Spirit — The Complete Potatoland
(Esoteric Recordings ECLEC 42687, 2019, )
by Peter Thelen, Published 2019-09-24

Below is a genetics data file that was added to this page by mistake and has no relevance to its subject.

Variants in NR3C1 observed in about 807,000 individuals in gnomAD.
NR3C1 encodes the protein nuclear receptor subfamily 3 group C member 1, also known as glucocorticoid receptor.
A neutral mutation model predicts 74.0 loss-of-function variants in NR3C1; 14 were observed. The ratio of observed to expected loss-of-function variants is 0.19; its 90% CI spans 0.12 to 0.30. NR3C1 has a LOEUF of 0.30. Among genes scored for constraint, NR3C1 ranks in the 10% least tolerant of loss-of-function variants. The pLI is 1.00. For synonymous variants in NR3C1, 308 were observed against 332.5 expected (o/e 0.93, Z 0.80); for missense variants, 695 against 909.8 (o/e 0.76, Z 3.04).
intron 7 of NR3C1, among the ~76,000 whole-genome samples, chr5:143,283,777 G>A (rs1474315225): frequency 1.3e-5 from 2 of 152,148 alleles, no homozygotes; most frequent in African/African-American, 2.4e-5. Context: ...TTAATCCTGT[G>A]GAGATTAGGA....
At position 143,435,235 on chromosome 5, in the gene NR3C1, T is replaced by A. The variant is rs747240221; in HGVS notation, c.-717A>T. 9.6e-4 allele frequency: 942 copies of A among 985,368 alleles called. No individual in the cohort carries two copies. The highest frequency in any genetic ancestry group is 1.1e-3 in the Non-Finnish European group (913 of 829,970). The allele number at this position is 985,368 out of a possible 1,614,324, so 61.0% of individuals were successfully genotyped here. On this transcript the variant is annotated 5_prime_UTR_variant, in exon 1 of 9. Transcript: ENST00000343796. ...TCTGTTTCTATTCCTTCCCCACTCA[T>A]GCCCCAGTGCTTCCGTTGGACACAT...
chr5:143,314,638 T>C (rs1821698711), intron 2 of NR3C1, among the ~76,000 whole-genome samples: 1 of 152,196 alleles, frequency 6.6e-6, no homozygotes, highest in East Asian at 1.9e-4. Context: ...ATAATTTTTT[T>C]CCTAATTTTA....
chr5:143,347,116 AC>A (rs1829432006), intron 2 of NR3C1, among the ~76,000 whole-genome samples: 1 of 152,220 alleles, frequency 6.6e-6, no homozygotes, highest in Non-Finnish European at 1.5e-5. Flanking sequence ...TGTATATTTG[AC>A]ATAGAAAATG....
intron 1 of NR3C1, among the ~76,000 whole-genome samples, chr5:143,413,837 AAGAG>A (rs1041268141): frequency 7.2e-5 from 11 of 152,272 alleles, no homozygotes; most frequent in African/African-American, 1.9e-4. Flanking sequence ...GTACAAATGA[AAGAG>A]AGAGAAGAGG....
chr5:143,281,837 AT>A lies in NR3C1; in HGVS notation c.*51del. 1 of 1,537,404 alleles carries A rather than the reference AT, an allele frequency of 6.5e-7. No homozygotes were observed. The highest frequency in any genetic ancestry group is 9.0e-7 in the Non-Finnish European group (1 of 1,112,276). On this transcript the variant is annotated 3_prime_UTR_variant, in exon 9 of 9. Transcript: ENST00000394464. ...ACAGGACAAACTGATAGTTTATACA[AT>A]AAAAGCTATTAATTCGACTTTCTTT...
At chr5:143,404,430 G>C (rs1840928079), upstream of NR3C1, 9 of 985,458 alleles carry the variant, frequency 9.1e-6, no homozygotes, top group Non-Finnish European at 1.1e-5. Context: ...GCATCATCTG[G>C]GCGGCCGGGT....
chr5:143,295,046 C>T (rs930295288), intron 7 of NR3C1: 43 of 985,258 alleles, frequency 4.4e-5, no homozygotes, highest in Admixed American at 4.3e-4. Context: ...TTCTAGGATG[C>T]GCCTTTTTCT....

I said it before and will say it again, Potatoland (originally intended to be the follow-up to Randy California’s Kaptain Kopter and the Fabulous Twirly Birds album) is a pretty bizarre Orwellian concept and it’s really no surprise that Epic Records cancelled his contract in 1973 when it was first presented to them, at a time when major labels were looking to streamline their rosters with stuff that was guaranteed to sell. How this ended up becoming a Spirit album instead of Kaptain Kopter is a long story that I covered somewhat in my review of the Floating World edition of The Original Potatoland (now out of print) when it came out back around 2011, which might be worthwhile to review if you are unfamiliar with the whole saga and history surrounding the 1973 original recordings and the 1981 slicked-up remake of the original. Needless to say, Esoteric has done the right thing by making both versions available again, remastered in a truly better sounding form than those earlier releases and adding a couple additional discs of live material: The 1972 Kaptain Kopter live tracks that originally followed the bonus tracks on The Original Potatoland have been moved off to two separate discs that now include everything that remains listenable of the KPFK Kaptain Kopter live sets from September 6th and 13th 1972 – these are pretty rough recordings to begin with, but remastering achieved a degree of improvement. In their place at the end of disc one, some BBC tracks from 1973, an interview, and some live cuts from a 1979 Austin, Texas show have taken their place. Disc two features the 1981 Potatoland Redux, with all of the original bonus tracks from 2011, plus a few more alternate versions, and another interview from the time of the 1981 release. Disc three is the entirety of the September 13th 1972 KPFK-FM (Los Angeles Pacifica Foundation underground rock station) Kaptain Kopter set, most of which has heretofore only been available as a shabby bootleg recorded over the air; it’s been cleaned up and presented here in as probably as good a form as it will ever get. Disc four is eight live tracks from the September 6th KPFK-FM set (all that survived, same caveat as the September 13th recordings), and the disc is filled out to capacity with six more studio cuts, demos, and rehearsals from the period, most of which have never been heard before. The clamshell packaging for this set is superb, with the comic book from the 1981 version restored in miniature, and a comprehensive booklet by Spirit archivist Mick Skidmore, with quotes from bassist Larry Knight, who played on most of the live sessions in 1972/73, as well as many rare photos.
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